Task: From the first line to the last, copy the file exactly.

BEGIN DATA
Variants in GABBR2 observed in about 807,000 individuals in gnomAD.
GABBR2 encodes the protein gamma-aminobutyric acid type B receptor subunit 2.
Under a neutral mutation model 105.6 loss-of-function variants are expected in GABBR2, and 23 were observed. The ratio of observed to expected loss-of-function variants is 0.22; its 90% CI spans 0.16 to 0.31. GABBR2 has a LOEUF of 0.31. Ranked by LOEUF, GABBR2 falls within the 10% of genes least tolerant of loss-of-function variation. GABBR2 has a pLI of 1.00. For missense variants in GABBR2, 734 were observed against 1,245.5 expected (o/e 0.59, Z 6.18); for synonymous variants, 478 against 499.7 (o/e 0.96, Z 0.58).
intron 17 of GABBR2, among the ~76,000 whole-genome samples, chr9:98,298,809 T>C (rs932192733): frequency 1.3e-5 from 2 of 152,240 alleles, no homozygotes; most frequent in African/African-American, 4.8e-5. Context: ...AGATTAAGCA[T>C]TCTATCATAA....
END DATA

Variants in GABBR2 observed in about 807,000 individuals in gnomAD.
GABBR2 encodes the protein gamma-aminobutyric acid type B receptor subunit 2.
Under a neutral mutation model 105.6 loss-of-function variants are expected in GABBR2, and 23 were observed. The ratio of observed to expected loss-of-function variants is 0.22; its 90% CI spans 0.16 to 0.31. GABBR2 has a LOEUF of 0.31. Ranked by LOEUF, GABBR2 falls within the 10% of genes least tolerant of loss-of-function variation. GABBR2 has a pLI of 1.00. For missense variants in GABBR2, 734 were observed against 1,245.5 expected (o/e 0.59, Z 6.18); for synonymous variants, 478 against 499.7 (o/e 0.96, Z 0.58).
intron 17 of GABBR2, among the ~76,000 whole-genome samples, chr9:98,298,809 T>C (rs932192733): frequency 1.3e-5 from 2 of 152,240 alleles, no homozygotes; most frequent in African/African-American, 4.8e-5. Context: ...AGATTAAGCA[T>C]TCTATCATAA....